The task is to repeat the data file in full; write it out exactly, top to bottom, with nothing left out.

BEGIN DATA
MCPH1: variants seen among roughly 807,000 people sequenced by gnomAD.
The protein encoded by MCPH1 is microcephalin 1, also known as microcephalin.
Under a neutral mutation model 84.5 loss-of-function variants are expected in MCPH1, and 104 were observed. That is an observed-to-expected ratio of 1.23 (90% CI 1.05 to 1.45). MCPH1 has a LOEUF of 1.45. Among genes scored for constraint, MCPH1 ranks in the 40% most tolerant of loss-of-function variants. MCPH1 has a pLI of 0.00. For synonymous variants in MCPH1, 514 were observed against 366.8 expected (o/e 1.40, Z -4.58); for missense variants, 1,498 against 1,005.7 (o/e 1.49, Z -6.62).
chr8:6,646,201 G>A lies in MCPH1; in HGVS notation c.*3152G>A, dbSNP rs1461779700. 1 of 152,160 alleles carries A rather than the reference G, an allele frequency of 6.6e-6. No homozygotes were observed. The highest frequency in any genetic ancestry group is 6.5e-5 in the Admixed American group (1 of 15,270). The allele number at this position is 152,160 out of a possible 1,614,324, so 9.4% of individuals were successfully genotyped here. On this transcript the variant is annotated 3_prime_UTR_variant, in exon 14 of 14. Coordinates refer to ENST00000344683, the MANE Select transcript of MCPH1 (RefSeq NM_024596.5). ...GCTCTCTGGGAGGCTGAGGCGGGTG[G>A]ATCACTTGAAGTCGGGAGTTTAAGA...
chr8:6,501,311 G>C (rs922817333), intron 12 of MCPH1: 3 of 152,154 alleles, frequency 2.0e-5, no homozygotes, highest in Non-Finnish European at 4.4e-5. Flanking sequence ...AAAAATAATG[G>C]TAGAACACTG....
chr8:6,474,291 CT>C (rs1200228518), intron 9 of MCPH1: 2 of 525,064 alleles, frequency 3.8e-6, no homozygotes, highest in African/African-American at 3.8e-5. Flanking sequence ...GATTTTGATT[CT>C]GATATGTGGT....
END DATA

MCPH1: variants seen among roughly 807,000 people sequenced by gnomAD.
The protein encoded by MCPH1 is microcephalin 1, also known as microcephalin.
Under a neutral mutation model 84.5 loss-of-function variants are expected in MCPH1, and 104 were observed. That is an observed-to-expected ratio of 1.23 (90% CI 1.05 to 1.45). MCPH1 has a LOEUF of 1.45. Among genes scored for constraint, MCPH1 ranks in the 40% most tolerant of loss-of-function variants. MCPH1 has a pLI of 0.00. For synonymous variants in MCPH1, 514 were observed against 366.8 expected (o/e 1.40, Z -4.58); for missense variants, 1,498 against 1,005.7 (o/e 1.49, Z -6.62).
chr8:6,646,201 G>A lies in MCPH1; in HGVS notation c.*3152G>A, dbSNP rs1461779700. 1 of 152,160 alleles carries A rather than the reference G, an allele frequency of 6.6e-6. No homozygotes were observed. The highest frequency in any genetic ancestry group is 6.5e-5 in the Admixed American group (1 of 15,270). The allele number at this position is 152,160 out of a possible 1,614,324, so 9.4% of individuals were successfully genotyped here. On this transcript the variant is annotated 3_prime_UTR_variant, in exon 14 of 14. Coordinates refer to ENST00000344683, the MANE Select transcript of MCPH1 (RefSeq NM_024596.5). ...GCTCTCTGGGAGGCTGAGGCGGGTG[G>A]ATCACTTGAAGTCGGGAGTTTAAGA...
chr8:6,501,311 G>C (rs922817333), intron 12 of MCPH1: 3 of 152,154 alleles, frequency 2.0e-5, no homozygotes, highest in Non-Finnish European at 4.4e-5. Flanking sequence ...AAAAATAATG[G>C]TAGAACACTG....
chr8:6,474,291 CT>C (rs1200228518), intron 9 of MCPH1: 2 of 525,064 alleles, frequency 3.8e-6, no homozygotes, highest in African/African-American at 3.8e-5. Flanking sequence ...GATTTTGATT[CT>C]GATATGTGGT....